Tuesday, March 26, 2019

Timetable Tuesday #16: Route 410 - Hourly via Churchill

The most important factor that determines the usefulness of a public transport service is not whether it's a train, tram or bus but its timetable, route and stops.

The Footscray / Sunshine area includes some of Melbourne’s busiest bus routes. This is due to several factors.  The most important of these include (i) a long history of frequent 7 day bus service (itself a legacy of the Footscray tram network and subsequent government operation), (ii) grid streets with fairly high residential densities, (iii) favourable demographics including low car ownership and (iv) trains that only skirt the edge of the residential area and operate less frequently than buses.

Four east-west routes run between Sunshine and Footscray.  Three (216, 219, 220) are ex-government routes extending to Melbourne CBD until late at night Monday to Sunday (the latter a rarity that not even SmartBus routes feature).  The other, route 410, is a privately-operated service terminating at Footscray.  This is what we will feature today. 

Compared to some others featured, route 410 is fairly simple. Its only complexity is the Churchill Av deviation showed in the dotted line above.  This deviation runs hourly during the day, Monday to Saturday. Because it overlaps Route 408, it does not add coverage. However it provides Churchill Av with an occasional direct service to Footscray Hospital and station.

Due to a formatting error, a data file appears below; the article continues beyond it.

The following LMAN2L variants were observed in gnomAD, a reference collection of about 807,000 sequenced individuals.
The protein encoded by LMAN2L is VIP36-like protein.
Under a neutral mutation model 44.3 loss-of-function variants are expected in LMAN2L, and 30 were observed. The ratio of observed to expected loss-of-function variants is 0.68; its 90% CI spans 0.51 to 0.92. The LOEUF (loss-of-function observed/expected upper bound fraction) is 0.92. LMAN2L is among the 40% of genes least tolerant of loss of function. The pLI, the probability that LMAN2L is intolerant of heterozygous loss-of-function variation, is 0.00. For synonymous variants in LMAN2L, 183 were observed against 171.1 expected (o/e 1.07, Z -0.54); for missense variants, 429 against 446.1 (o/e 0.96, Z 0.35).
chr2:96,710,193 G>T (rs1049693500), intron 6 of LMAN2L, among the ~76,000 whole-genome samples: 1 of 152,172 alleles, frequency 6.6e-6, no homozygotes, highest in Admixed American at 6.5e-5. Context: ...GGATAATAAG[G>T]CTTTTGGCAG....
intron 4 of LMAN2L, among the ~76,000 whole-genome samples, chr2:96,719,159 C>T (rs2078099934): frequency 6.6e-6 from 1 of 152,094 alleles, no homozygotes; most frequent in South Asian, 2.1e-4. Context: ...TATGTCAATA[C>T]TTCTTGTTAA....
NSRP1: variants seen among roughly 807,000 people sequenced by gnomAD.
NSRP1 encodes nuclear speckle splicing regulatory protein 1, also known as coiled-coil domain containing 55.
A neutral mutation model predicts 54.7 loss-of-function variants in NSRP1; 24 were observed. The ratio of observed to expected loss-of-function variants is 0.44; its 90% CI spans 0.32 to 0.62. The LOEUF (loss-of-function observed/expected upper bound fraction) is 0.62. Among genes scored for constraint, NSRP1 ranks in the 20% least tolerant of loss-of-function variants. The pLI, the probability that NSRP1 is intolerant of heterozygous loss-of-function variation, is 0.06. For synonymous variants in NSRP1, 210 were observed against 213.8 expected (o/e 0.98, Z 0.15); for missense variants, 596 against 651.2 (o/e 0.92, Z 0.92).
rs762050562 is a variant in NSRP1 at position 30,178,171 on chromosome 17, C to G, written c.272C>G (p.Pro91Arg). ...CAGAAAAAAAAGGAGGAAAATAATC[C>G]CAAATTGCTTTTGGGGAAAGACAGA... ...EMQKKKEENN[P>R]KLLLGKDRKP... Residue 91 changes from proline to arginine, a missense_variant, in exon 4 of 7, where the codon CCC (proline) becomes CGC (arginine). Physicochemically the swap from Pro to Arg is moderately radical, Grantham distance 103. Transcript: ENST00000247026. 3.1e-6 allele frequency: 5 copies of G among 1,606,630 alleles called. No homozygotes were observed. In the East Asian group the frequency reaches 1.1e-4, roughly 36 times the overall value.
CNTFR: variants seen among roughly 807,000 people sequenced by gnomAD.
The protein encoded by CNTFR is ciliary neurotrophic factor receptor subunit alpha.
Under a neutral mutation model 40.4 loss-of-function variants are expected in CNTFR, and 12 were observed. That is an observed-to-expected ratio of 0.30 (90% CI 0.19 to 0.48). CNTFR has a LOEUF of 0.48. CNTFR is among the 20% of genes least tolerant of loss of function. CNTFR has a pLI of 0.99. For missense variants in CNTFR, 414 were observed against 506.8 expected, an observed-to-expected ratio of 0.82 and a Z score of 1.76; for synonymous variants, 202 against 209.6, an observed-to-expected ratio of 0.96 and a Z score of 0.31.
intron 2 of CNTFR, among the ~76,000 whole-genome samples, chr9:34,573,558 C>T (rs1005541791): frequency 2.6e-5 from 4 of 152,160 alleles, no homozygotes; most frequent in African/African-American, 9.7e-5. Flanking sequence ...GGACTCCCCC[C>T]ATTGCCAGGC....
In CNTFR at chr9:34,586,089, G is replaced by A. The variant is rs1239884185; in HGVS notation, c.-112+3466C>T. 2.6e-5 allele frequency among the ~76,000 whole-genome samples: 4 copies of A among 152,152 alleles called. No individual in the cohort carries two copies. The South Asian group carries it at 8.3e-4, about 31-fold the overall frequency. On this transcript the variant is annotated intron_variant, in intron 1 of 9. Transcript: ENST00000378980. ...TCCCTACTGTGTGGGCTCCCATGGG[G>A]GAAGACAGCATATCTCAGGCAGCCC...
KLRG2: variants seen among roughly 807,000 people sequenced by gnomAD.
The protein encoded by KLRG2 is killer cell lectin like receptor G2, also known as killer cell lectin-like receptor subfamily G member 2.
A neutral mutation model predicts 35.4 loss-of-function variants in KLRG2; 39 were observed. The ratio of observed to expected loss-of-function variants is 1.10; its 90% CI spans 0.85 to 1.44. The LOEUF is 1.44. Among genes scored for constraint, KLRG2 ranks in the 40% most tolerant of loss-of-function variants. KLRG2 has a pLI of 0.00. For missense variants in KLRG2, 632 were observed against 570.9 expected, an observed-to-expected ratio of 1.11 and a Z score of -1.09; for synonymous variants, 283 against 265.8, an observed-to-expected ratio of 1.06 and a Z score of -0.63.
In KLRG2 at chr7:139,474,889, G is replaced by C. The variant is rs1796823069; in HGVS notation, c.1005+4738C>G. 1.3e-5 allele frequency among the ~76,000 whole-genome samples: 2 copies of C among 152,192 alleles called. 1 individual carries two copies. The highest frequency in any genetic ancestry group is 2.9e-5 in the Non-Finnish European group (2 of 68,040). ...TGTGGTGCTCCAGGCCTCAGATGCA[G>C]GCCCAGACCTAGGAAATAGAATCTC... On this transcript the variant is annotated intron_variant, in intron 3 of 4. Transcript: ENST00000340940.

You can see how 410 fits in with other routes on the map below.  Only about one-third of it offers unique coverage. Parts overlap Route 220 along Ballarat Rd.  The overlap is due to more routes than parallel through roads existing in the section west of Duke St (216/219, 220, 408, 410 via Ballarat, Churchill, South).  

What about Route 410’s timetable? Its operating hours broadly reflect the minimum service standards introduced about a decade ago.  But more than most other routes frequencies abruptly vary throughout the day and over the week.  This is a consequence of the hourly minimum standard being applied to a route that, when it ran, operated more frequently.  In contrast the 200-series routes have longer operating hours, more even frequencies and no deviations.

The weekday timetable is below. 410’s off-peak daytime headway is 15 minutes. This means it does not harmonise with trains, which at Sunshine, operate every 20 minutes.  Footscray receives many more trains, with these operating on 10 and 20 minute patterns.  Peak frequency is approximately every 12 or 13 minutes.  Weeknight frequencies drop smoothly from 15 to 20 to 30 minutes.

The hourly Churchill Avenue deviation operates between approximately 10 and 6pm.  This causes 410 frequencies on part of Ballarat Rd to be an uneven 15-30-15 minute pattern as the ‘missing’ bus is serving Churchill Avenue instead.  While some might regard 15 minutes as a turn-up-and-go frequency, this service level does not apply along the whole route due to the deviation.  Consequently if one wanted to make a frequent network map only part of the route would be eligible for inclusion.